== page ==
Tired? Achy? It May Be Your Thyroid
The thyroid is a tiny gland in the neck that produces hormones to help regulate metabolism. But, when the thyroid doesn’t work well—or at all—it can wreak havoc on your mental, physical and emotional health.
By KD Reep
About 200 million people throughout the world have thyroid disease, with more than 30 million of those being Americans with thyroid disorders. However, more than half of these citizens remain undiagnosed and untreated, and left unchecked, thyroid disorders can cause depression, tremors, muscle weakness and constant fatigue. Women are five times more likely than men to have an impaired thyroid, and as a person ages, so does her risk of a compromised thyroid.
January is Thyroid Awareness Month, and the University of Arkansas for Medical Sciences’ Thyroid Center has resources available to help you understand what your thyroid is, what it does and how to get it checked for possible problems. The Thyroid Center at UAMS is a multidisciplinary referral center specializing in the diagnosis and treatment of benign and malignant thyroid and parathyroid diseases. The Center’s interdisciplinary team of fellowship-trained surgeons, endocrinologists, pathologists, radiologists and nuclear medicine doctors work in the treatment and long-term management of thyroid malignancies, and its state-of-the-art diagnostic equipment includes video laryngoscopy and high- resolution ultrasound. Through research and education, the UAMS thyroid team strives to advance the knowledge and investigate new treatments of thyroid disorders. To learn more, visit uamshealth.com/ medicalservices/ent/thyroid.
HOW DOES THE THYROID WORK?
The thyroid is a butterfly-shaped gland in the front of your neck that, if not working properly, can cause your metabolism to speed up (hyperthyroidism) or slow down (hypothyroidism). Many of the symptoms of thyroid conditions can be hard to recognize or present as another type of illness, so it is important to see your doctor to determine if a thyroid condition is what is affecting your health. Symptoms of thyroid imbalance, specifically hyperthyroidism, include rapid weight loss, high blood pressure, anxiety and insomnia. If your metabolism is slow, you may be suffering from hypothyroidism, and its symptoms include weak or slow heartbeat, muscular weakness, constant fatigue, weight gain, depression, slow reflexes, a sensitivity to cold, thick, puffy or dry skin, slowed mental processes and poor memory, and constipation. If you have an enlarged thyroid gland and have difficulty swallowing or breathing, you could have a goiter. Thyroid cancer, which is the fifth most common cancer in women, is the fastest growing in new cases of cancer among women and men because of more awareness and better detection.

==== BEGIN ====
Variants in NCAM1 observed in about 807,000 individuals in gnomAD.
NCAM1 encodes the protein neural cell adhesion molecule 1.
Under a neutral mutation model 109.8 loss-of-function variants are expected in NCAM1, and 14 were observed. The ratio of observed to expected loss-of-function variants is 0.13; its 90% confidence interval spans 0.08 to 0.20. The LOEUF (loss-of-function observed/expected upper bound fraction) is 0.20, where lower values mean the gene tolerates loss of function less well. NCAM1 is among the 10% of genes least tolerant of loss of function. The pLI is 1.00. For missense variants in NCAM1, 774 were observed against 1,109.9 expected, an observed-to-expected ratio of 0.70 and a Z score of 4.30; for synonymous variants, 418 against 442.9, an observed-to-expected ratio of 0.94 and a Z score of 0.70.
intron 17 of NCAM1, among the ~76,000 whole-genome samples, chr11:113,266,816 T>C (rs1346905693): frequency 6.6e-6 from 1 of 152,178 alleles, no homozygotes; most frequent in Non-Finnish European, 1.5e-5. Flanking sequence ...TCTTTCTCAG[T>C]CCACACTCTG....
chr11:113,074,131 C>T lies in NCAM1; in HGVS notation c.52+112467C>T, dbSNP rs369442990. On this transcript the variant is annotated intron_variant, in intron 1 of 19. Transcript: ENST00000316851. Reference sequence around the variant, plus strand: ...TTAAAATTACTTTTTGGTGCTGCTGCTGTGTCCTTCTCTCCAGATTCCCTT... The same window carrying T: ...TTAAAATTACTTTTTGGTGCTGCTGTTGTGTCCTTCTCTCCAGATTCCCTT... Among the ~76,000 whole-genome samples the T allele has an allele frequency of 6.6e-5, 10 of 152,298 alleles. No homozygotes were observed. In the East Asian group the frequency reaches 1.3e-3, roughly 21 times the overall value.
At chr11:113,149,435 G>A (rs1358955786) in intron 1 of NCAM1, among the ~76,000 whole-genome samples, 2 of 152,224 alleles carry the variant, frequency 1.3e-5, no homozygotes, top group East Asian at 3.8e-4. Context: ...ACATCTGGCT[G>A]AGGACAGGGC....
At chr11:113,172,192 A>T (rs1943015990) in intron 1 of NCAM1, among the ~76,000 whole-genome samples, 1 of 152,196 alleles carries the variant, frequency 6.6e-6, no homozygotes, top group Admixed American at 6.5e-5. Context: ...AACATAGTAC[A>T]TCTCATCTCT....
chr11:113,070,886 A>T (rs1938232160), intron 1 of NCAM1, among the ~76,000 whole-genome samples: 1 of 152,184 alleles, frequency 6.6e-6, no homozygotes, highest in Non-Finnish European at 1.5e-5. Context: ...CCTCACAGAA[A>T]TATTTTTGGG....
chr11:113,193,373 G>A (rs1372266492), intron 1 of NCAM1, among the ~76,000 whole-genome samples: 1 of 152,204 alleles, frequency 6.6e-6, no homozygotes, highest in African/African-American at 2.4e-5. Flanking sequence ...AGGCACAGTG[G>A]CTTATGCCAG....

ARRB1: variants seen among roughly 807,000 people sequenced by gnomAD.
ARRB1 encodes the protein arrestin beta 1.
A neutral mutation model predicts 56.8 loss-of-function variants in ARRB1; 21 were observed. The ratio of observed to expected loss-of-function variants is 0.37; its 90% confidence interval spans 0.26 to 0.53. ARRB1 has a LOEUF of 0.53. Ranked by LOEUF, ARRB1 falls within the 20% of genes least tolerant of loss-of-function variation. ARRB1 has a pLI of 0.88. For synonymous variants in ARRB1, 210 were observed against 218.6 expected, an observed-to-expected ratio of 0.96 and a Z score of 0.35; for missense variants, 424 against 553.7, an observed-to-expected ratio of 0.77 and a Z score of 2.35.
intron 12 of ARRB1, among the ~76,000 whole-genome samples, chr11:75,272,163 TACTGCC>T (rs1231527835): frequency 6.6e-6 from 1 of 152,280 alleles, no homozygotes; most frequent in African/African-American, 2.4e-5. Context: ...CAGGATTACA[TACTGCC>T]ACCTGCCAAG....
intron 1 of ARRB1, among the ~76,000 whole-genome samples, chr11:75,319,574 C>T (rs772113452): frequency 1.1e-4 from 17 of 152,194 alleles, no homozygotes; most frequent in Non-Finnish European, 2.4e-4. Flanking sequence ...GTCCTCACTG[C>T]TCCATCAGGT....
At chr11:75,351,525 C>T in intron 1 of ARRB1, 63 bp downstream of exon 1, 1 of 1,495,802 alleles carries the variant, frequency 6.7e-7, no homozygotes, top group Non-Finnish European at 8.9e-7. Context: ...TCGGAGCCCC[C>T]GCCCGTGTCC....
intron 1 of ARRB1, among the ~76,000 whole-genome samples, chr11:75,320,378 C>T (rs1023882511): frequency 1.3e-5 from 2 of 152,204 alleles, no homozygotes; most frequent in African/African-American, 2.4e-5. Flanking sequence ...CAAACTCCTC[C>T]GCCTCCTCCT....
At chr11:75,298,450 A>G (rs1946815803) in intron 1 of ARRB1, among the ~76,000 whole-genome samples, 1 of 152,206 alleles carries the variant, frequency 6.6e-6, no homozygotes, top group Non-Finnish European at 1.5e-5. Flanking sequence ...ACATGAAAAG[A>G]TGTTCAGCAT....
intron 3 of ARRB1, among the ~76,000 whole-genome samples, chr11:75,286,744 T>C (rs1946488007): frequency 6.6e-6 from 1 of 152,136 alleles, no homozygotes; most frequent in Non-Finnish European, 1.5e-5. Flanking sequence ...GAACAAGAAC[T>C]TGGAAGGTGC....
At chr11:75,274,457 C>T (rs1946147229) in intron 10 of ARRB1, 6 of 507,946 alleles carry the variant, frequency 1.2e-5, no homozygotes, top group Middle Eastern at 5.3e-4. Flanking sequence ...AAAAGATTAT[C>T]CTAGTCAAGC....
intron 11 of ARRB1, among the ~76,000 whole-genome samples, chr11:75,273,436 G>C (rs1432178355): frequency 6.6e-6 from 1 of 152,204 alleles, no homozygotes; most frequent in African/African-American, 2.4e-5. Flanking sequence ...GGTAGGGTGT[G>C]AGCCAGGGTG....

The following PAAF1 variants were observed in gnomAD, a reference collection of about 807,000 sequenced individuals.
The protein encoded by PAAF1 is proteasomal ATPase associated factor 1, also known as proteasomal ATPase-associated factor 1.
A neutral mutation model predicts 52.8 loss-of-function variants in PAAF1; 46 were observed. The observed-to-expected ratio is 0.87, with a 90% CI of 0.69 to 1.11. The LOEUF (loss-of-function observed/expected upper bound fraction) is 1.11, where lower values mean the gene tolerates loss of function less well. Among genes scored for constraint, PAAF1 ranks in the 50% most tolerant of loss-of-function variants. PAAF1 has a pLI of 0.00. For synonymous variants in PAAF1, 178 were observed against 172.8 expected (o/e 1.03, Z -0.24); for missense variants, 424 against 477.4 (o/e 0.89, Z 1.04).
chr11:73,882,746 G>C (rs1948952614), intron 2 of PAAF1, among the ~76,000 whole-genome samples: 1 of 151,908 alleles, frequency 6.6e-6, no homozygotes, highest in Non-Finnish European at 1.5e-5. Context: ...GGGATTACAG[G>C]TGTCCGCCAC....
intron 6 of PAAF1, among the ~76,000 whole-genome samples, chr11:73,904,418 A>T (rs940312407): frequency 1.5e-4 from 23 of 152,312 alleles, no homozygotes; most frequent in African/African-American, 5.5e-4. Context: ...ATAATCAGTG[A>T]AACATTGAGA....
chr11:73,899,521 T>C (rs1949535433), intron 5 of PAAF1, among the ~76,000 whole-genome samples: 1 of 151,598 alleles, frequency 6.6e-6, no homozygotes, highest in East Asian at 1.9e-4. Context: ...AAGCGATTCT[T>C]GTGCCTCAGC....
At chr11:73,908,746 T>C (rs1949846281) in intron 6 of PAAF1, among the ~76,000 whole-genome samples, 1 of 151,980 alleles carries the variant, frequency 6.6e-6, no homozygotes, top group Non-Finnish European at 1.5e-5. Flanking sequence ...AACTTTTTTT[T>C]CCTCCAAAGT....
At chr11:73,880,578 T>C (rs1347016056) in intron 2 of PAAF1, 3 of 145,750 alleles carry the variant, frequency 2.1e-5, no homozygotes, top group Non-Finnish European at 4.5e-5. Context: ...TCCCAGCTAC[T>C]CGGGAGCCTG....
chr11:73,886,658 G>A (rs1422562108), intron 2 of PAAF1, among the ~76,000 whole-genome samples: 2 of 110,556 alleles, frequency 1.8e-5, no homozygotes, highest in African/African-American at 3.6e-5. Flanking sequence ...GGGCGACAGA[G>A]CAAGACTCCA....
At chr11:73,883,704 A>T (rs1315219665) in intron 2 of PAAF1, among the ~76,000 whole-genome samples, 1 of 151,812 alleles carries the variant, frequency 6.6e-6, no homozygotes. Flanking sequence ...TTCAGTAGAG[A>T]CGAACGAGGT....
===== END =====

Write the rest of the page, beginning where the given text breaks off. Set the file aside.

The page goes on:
WHO’S AT RISK?
According to the American Association of Clinical Endocrinologists (AACE) and the American College of Endocrinology (ACE), you should have an evaluation of your thyroid if you have a family history of thyroid disorders, are taking lithium or amiodarone, or you have or have had radiation therapy to the head or neck.
WHAT ARE MY OPTIONS?
If you suspect you have a thyroid condition, thyroid-stimulating hormone testing is the best way to determine whether your thyroid is functioning properly. This is a blood test that can let your doctor know if your thyroid is healthy, under- or overactive, or may be affected by cancerous cells. It is vital to have your thyroid checked each year because it affects your overall health and well-being.
The AACE and ACE utilize a blue paisley ribbon to raise awareness of thyroid conditions. The ribbon made its debut in 2012 as a symbol to unify thyroid awareness efforts, and paisley was chosen because of its resemblance to a cross section of thyroid follicles, the tiny spheres that the thyroid gland is made up of. The awareness month helps educate people about what the thyroid is, what it does, where it’s located and how it affects health and well-being.
With increased awareness and detection, thyroid dysfunction can be identified, diagnosed and successfully treated. In fact, once proper treatment is prescribed, you will live a healthy lifestyle without any restrictions, and if cancer is present, the earlier the detection provides for more treatment options and better chances of survival.
HOW TO PERFORM A SELF EXAM
USE A MIRROR AND FOCUS ON THE LOWER MIDDLE AREA OF YOUR NECK ABOVE THE COLLARBONES.
WHILE FOCUSING ON THIS AREA IN THE MIRROR, TIP YOUR HEAD BACK, TAKE A SIP OF WATER AND SWALLOW.
AS YOU SWALLOW, LOOK AT YOUR NECK AND CHECK FOR ANY BULGES OR PROTRUSIONS IN THIS AREA.
IF YOU SEE ANY BULGES OR PROTRUSIONS, CONTACT YOUR DOCTOR FOR AN APPOINTMENT. IT COULD BE AN ENLARGED THYROID GLAND OR A THYROID NODULE, WHICH SHOULD BE CHECKED TO DETERMINE IF IT IS CANCEROUS OR NEEDS TREATMENT FOR ANOTHER TYPE OF THYROID DISEASE.